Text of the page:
Making History 3-D

History can be a turn-off when it focuses only on dry facts, just like science is more than formulas and chemical compounds. Science matters when you walk through environmental disasters or live through a pandemic. So, too, history becomes more than dates of wars, lists of treaties or studies of revised maps when you walk through historical landscapes and meet characters who share the same human frailties we all experience. Through the power of imagination, readers experience sensory detail and emotion which allows them to have a visceral experience. 

Here is a list of ways that the power of fiction can merge the past into the present:

Field trips. Visit the scenes of massacres, of battles, of boat crossings. For example, I cycled down forest paths that my 1945 refugees would have travelled in Crow Stone. I walked the beaches of Tainted Amber.

Cycling in Kaliningrad Oblast
BIG Maps. There’s nothing like a visual map to pinpoint the scenes of a story. If the book doesn’t have a map, find one. Mark the places the novel’s characters are traveling. In Crow Stone there’s a map included, but don’t hesitate to find other maps.

SMALL Maps. How about visualizing the little places? A map of the house, of the bedroom, of the barrack? 

Photographs/drawings. A picture says a thousand words. But don't forget to ask, who was taking that picture? Why? What happened before or after the photo was taken? Where was the photo taken? Why does this particular photo matter? Who's not in the photo?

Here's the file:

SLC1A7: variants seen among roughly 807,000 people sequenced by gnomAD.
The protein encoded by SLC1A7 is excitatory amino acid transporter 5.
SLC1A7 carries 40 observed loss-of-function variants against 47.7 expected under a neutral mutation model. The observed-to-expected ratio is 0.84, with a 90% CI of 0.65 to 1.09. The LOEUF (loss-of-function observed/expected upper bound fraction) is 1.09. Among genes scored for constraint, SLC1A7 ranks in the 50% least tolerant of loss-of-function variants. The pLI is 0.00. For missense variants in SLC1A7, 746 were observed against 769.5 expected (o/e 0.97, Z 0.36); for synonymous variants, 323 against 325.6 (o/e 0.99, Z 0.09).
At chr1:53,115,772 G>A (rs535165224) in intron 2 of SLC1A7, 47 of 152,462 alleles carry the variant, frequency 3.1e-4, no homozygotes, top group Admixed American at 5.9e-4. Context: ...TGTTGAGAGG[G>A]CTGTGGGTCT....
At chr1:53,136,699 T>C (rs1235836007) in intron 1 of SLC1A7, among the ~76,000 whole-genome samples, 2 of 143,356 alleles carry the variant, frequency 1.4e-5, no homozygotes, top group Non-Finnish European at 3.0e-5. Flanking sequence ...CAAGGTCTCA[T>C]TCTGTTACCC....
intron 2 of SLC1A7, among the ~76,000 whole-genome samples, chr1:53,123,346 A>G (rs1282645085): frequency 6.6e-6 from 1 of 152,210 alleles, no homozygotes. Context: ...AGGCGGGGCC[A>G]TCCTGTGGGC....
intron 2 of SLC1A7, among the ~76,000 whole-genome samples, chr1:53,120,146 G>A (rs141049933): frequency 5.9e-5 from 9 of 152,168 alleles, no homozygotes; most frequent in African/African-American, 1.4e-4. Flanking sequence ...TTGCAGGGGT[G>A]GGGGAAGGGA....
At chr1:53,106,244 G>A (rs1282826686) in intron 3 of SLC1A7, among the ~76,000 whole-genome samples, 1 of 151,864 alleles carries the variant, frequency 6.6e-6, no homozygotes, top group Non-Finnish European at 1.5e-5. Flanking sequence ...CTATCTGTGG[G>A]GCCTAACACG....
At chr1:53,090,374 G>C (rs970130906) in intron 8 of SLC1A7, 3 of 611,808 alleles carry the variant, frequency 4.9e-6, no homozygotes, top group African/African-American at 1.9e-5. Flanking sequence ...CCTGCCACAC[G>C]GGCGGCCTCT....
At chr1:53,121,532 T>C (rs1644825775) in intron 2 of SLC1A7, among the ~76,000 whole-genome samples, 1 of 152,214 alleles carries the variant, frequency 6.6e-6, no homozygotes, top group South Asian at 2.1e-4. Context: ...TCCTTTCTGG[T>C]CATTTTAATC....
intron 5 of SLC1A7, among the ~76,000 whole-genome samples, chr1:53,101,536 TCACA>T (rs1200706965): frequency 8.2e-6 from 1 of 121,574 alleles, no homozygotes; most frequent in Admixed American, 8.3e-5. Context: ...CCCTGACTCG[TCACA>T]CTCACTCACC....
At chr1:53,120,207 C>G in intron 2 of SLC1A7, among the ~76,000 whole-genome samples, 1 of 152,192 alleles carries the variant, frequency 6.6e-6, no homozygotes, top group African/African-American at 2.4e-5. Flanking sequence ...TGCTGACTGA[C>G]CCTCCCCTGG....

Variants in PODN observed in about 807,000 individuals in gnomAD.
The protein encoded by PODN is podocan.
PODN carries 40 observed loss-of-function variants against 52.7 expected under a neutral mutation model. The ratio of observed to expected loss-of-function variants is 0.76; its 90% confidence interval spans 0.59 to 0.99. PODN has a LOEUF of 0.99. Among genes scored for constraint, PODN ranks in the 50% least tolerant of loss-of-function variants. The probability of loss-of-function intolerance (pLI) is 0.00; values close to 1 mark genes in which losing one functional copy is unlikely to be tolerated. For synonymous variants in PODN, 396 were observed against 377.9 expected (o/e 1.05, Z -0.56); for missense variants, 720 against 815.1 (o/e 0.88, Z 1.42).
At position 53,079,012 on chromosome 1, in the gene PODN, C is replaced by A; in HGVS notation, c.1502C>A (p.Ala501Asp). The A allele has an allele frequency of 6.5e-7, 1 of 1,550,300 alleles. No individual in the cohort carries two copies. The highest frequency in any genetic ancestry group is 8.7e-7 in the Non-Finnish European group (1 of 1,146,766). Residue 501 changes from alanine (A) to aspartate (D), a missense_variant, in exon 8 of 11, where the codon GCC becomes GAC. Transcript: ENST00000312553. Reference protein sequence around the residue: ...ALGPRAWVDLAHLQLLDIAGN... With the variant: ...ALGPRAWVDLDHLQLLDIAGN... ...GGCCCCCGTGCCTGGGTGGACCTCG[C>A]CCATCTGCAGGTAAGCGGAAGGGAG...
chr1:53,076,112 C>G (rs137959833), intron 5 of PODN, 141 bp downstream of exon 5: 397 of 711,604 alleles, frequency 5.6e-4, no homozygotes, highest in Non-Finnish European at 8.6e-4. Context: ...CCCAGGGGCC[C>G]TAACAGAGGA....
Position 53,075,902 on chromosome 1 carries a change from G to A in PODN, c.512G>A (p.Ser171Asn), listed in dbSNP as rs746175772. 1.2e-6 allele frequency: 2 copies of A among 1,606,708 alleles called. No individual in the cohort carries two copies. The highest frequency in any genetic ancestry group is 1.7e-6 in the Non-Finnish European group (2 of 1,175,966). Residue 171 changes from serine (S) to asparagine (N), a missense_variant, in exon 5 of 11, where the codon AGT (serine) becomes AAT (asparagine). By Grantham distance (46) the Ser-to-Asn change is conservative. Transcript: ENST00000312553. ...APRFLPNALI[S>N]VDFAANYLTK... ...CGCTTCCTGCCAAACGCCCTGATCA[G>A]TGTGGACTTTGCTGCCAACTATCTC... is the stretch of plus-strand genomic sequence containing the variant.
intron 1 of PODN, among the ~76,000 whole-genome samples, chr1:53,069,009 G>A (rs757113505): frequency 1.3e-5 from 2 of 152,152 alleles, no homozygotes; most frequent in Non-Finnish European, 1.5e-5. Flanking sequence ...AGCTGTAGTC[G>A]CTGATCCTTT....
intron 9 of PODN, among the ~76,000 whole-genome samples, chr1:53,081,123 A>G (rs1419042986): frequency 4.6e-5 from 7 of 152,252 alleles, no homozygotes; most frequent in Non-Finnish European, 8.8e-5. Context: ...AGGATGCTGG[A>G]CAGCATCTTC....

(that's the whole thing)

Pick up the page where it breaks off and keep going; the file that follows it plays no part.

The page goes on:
Recipes. One thing all humans, past and present, have in common is the need for food. Find out what food was available in those years and experiment with the ingredients. Did they drink tea or coffee? Soft drinks? 

Königsberge Klopse in Kaliningrad

Music
. Musical tastes might change but music is always part of the human experience … whether to celebrate or to mourn. Find what would be part of the historical narrative for a particular book.

Clothes. We might get our clothes from an online retailer, local mall or thrift shop. But where did historical characters get their clothes? What were they wearing? How did they care for them?

Ambition. Many of us aspire to have careers, houses, children, cars, to travel or volunteer, to learn new languages or run a marathon. What sorts of ambitions would the characters in historical fiction be striving towards?

This is just a brief sampling of the ways that history can become livelier for readers. Some might call it research, I like to call it developing empathy.  One day, our lives today will also be history. Hopefully, no one will remember our lives as dull or boring. After all,  we too are living in historical times.




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